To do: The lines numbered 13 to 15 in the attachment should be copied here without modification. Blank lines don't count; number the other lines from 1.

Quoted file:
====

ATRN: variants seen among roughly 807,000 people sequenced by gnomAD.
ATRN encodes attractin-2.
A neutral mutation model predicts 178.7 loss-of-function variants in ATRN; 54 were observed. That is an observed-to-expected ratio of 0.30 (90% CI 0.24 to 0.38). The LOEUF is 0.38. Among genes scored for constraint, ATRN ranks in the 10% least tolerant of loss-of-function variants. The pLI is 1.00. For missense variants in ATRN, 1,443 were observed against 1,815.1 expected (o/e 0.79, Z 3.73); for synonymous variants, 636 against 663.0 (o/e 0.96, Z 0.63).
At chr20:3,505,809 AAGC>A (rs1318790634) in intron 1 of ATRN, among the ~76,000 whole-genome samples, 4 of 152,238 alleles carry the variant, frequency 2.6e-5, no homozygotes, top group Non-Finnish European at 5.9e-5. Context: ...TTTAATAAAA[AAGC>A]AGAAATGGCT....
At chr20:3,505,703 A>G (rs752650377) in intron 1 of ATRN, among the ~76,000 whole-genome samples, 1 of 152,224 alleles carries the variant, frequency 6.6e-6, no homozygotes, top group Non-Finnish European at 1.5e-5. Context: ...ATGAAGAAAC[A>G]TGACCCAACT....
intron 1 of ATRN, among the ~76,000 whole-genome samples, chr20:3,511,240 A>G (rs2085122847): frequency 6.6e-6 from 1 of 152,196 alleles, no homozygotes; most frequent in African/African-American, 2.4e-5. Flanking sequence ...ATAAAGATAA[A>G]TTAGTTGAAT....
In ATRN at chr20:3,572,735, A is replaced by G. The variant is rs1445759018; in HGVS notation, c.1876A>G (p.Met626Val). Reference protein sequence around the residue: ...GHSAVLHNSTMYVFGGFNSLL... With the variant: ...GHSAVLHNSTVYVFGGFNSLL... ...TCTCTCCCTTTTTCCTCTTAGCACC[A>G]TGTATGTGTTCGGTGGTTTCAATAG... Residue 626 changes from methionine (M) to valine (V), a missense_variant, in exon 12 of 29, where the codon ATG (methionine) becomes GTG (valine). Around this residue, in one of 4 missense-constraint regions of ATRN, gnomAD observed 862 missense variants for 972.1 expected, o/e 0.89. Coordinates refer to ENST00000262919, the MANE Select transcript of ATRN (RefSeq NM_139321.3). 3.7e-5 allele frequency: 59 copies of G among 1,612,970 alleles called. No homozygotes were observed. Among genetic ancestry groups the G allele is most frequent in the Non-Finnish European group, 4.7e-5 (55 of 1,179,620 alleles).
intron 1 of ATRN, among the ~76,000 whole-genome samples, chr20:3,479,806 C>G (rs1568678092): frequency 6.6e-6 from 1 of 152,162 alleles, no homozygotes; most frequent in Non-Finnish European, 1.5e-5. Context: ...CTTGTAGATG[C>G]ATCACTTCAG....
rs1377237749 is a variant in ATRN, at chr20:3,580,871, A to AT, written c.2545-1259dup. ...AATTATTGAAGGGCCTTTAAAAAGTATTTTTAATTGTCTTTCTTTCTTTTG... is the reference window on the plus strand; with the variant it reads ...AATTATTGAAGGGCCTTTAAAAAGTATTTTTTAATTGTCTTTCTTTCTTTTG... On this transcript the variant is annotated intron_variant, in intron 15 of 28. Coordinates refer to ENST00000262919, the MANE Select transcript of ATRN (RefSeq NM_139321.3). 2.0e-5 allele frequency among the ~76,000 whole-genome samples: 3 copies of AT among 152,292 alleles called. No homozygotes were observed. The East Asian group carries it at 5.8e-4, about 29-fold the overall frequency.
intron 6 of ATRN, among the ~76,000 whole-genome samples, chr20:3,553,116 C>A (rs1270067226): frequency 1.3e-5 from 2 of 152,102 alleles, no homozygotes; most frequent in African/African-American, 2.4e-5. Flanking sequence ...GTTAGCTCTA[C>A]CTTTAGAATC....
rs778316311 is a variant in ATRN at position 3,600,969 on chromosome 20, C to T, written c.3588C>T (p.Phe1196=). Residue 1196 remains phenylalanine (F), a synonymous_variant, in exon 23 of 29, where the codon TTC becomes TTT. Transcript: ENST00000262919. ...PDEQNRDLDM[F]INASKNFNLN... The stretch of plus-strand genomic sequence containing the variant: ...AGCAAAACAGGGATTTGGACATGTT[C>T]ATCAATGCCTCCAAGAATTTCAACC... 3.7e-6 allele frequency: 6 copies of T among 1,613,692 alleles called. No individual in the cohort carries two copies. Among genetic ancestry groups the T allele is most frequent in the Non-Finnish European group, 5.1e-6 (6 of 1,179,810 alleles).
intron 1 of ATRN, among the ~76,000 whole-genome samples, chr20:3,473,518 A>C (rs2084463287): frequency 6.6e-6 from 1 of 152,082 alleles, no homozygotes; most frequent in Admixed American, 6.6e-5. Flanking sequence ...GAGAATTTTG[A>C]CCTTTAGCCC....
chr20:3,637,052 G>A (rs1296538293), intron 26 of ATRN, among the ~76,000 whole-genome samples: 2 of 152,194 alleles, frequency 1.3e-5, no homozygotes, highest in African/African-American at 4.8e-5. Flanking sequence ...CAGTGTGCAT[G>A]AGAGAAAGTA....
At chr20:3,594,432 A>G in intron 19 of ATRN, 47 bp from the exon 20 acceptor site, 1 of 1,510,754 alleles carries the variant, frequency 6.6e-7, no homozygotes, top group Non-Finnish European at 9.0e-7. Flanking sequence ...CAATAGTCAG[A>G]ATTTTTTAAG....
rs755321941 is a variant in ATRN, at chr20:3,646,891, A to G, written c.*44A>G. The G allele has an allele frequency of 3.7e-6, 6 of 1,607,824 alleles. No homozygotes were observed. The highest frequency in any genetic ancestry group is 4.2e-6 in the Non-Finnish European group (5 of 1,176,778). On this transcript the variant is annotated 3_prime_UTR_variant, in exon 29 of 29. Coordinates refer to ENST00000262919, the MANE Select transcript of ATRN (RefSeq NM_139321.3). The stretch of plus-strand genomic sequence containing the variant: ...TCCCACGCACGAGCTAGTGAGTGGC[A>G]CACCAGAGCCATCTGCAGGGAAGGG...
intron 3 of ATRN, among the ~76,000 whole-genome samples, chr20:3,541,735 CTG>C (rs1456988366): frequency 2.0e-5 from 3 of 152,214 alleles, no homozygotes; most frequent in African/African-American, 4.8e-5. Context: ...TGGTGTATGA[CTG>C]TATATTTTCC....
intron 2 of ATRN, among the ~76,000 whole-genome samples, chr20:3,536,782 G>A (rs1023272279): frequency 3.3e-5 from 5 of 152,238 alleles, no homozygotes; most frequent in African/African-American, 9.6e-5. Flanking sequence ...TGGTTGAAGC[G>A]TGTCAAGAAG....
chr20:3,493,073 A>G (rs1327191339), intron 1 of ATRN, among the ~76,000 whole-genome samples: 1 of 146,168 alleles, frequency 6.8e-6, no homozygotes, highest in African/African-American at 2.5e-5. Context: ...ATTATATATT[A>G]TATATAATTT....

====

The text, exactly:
chr20:3,637,052 G>A (rs1296538293), intron 26 of ATRN, among the ~76,000 whole-genome samples: 2 of 152,194 alleles, frequency 1.3e-5, no homozygotes, highest in African/African-American at 4.8e-5. Flanking sequence ...CAGTGTGCAT[G>A]AGAGAAAGTA....
At chr20:3,594,432 A>G in intron 19 of ATRN, 47 bp from the exon 20 acceptor site, 1 of 1,510,754 alleles carries the variant, frequency 6.6e-7, no homozygotes, top group Non-Finnish European at 9.0e-7. Flanking sequence ...CAATAGTCAG[A>G]ATTTTTTAAG....
rs755321941 is a variant in ATRN, at chr20:3,646,891, A to G, written c.*44A>G. The G allele has an allele frequency of 3.7e-6, 6 of 1,607,824 alleles. No homozygotes were observed. The highest frequency in any genetic ancestry group is 4.2e-6 in the Non-Finnish European group (5 of 1,176,778). On this transcript the variant is annotated 3_prime_UTR_variant, in exon 29 of 29. Coordinates refer to ENST00000262919, the MANE Select transcript of ATRN (RefSeq NM_139321.3). The stretch of plus-strand genomic sequence containing the variant: ...TCCCACGCACGAGCTAGTGAGTGGC[A>G]CACCAGAGCCATCTGCAGGGAAGGG...